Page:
This cake I might one year have made for my mother's birthday, to be eaten next to little chuckling Frijoles Creek at Bandelier, in the shaded valley below the ruins trail, the cliff dwellings that always called me for a walk while she sat and watched birds or other picnickers, or read and smoked and drank coffee from the thermos after a feast of smoked salmon on green chili bagels.
And for her birthday, though she wasn't really one for poetry, these lines from Ted Kooser's "Mother" speak to me, if not to her.
for this is the month of my birth, as you know,
the best month to be born in, thanks to you,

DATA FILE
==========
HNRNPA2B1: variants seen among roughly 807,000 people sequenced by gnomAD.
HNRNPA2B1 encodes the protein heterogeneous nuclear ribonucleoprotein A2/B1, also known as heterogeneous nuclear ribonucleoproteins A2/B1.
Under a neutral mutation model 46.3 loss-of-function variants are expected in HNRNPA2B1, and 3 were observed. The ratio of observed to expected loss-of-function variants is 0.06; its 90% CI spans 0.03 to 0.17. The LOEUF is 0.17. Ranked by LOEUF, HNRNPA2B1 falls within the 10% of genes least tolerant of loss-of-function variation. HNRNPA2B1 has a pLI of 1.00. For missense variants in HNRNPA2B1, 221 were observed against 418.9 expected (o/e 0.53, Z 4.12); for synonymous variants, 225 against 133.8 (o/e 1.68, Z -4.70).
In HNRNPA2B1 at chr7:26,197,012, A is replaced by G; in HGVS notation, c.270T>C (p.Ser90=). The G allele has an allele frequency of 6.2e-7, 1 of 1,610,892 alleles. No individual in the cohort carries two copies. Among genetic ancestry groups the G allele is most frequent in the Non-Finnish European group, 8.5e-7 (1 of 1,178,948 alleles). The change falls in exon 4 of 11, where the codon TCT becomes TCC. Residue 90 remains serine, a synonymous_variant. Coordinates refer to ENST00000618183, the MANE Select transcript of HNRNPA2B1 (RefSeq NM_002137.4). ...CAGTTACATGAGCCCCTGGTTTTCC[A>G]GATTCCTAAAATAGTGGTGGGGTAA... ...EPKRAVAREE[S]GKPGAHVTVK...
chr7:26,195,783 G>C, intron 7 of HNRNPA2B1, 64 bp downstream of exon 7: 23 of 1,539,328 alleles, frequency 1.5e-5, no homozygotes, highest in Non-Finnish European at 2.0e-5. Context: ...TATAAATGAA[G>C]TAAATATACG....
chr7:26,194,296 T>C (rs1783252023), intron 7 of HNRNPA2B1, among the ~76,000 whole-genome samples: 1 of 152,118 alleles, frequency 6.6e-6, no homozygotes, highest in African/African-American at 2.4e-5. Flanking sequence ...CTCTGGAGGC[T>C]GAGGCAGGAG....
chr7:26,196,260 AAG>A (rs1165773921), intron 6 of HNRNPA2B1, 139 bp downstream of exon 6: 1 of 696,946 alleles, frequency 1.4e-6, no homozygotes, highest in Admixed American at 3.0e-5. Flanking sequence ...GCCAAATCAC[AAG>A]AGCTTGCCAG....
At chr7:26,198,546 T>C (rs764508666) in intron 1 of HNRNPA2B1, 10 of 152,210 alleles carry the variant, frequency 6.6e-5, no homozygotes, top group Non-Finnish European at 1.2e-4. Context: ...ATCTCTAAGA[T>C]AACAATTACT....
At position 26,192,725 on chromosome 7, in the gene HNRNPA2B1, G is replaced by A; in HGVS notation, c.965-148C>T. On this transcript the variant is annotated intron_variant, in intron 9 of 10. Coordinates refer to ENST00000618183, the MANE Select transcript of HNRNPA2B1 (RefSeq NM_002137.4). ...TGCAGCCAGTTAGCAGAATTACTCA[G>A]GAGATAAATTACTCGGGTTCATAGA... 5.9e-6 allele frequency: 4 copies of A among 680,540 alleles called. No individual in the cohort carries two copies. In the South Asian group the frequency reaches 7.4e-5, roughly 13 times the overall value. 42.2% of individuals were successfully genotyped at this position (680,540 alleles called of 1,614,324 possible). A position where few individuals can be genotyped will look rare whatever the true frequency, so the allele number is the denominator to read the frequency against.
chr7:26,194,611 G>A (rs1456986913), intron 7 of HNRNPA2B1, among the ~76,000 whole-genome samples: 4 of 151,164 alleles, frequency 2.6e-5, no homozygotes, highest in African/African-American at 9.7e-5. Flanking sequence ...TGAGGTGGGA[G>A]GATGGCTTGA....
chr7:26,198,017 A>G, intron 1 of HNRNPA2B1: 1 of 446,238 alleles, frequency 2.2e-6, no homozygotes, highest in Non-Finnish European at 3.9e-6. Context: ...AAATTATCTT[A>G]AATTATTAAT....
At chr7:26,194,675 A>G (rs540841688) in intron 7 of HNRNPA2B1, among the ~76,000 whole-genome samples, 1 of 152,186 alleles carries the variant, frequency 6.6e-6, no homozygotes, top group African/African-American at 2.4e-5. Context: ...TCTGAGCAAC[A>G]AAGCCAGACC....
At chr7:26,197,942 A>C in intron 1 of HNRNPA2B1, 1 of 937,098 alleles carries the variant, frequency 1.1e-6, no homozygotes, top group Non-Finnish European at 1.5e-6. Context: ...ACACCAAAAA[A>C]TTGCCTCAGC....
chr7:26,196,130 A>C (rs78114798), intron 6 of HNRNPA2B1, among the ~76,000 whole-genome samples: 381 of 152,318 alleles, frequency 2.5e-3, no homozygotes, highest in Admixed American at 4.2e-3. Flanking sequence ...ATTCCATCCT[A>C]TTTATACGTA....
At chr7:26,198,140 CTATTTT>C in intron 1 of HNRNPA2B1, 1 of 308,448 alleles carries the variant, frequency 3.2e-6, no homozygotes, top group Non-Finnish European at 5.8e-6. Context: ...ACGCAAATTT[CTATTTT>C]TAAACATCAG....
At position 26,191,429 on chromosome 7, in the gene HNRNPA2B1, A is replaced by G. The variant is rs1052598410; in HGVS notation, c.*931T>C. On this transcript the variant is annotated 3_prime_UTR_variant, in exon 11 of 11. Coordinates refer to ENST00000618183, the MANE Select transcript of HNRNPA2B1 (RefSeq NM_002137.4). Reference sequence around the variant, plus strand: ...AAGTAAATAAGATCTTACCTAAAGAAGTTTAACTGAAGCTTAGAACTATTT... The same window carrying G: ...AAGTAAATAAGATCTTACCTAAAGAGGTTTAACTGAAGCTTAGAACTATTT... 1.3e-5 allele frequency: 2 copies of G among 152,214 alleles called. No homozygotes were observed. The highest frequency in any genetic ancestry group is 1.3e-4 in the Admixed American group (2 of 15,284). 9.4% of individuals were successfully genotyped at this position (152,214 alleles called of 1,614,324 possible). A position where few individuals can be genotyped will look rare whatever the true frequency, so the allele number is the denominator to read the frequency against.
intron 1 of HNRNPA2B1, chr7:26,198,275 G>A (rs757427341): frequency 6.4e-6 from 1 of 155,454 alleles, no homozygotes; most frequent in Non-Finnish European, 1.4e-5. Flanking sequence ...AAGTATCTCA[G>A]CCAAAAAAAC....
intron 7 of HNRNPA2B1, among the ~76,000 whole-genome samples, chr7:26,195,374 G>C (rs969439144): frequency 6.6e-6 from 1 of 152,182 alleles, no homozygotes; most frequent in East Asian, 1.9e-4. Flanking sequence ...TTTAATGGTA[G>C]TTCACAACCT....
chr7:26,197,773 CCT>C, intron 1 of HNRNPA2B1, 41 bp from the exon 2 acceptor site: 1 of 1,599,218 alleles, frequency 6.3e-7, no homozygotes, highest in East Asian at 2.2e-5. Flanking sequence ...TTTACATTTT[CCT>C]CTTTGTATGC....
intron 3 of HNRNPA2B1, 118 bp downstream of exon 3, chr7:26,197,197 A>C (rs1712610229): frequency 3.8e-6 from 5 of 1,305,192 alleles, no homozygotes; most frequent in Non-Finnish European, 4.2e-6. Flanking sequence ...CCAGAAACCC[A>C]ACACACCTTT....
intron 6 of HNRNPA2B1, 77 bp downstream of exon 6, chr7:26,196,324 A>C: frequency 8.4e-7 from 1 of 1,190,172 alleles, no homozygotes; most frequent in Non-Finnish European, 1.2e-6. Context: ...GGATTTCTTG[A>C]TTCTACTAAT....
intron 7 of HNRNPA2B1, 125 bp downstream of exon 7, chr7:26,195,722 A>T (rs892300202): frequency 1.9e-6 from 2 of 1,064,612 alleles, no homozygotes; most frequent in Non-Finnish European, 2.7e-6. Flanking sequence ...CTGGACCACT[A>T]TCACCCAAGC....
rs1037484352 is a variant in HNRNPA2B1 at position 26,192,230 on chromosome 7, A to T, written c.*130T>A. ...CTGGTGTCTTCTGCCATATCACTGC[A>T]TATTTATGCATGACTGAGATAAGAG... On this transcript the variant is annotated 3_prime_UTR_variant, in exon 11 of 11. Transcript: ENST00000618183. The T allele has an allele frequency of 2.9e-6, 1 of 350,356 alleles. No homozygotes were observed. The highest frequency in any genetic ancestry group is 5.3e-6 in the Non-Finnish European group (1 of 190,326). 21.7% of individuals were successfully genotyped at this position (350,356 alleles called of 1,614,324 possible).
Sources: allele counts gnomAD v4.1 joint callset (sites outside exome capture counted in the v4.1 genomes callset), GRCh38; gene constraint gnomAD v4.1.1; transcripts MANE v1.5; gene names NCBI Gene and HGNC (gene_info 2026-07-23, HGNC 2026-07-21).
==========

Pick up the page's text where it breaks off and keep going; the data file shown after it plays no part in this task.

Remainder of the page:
everything ready to burst with living.
There will be no more new flannel nightshirts
sewn on your old black Singer, no birthday card
addressed in a shaky but businesslike hand.
You asked me if I would be sad when it happened
and I am sad. But the iris I moved from your house
now hold in the dusty dry fists of their roots
green knives and forks as if waiting for dinner,
as if spring were a feast. I thank you for that.
Were it not for the way you taught me to look
at the world, to see the life at play in everything,
I would have to be lonely forever.